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- Dusterdude @El scotto , I'm aware of the history, I have been in the "working world" for close to 40 years with many of them being in automotive. We have to look at situation in the "big picture". Did UAW make concessions in past ? - yes. Do they deserve an increase now ? -yes . Is their pay increase reasonable given their current compensation package ? Not at all ! By the way - are the automotive CEO's overpaid - definitely! (That is the case in many industries, and a separate topic). As the auto industry slowly but surely moves to EV's , the "big 3" will need to be producing top quality competitive vehicles or they will not survive.
- Art_Vandelay “We skipped it because we didn’t think anyone would want to steal these things”-Hyundai
- El scotto Huge lumbering SUV? Check. Unknown name soon to be made popular by Tiktok ilk? Check. Scads of these showing up in school drop-off lines? Check. The only real over/under is if these will have as much cachet as Land Rovers themselves? A bespoken item had to be new at one time. Bonus "accepted by the right kind of people" points if EBFlex or Tassos disapproves.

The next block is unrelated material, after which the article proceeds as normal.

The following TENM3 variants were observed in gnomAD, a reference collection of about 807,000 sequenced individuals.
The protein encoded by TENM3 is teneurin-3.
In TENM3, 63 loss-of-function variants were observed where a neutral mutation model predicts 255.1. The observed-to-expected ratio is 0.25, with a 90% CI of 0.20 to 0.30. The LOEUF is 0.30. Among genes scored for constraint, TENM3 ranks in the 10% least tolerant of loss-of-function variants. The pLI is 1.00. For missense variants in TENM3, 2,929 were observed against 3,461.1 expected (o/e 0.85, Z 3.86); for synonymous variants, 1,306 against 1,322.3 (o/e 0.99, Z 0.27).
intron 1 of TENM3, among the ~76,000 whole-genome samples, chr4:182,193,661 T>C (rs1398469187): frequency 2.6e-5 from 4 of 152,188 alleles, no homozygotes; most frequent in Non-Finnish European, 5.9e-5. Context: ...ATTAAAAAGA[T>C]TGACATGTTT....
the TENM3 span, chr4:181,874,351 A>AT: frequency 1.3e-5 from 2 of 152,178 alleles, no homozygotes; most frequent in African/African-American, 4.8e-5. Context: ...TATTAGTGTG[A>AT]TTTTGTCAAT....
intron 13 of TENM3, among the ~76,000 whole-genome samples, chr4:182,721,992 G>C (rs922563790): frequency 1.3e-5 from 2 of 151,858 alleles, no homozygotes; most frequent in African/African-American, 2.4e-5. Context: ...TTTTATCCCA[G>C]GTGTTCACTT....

- El scotto No, "brothers and sisters" are the core strength of the union. So you'll take less money and less benefits because "my company really needs helped out"? The UAW already did that with two-tier employees and concessions on their last contract.The Big 3 have never, ever locked out the UAW. The Big 3 have agreed to every collective bargaining agreement since WWII. Neither side will change.
- El scotto Never mind that that F-1 is a bigger circus than EBFlex and Tassos shopping together for their new BDSM outfits and personal lubricants. Also, the F1 rumor mill churns more than EBFlex's mind choosing a new Sharpie to make his next "Free Candy" sign for his white Ram work van. GM will spend a year or two learning how things work in F1. By the third or fourth year GM will have a competitive "F-1 LS" engine. After they win a race or two Ferrari will protest to highest F-1 authorities. Something not mentioned: Will GM get tens of millions of dollars from F-1? Ferrari gets 30 million a year as a participation trophy.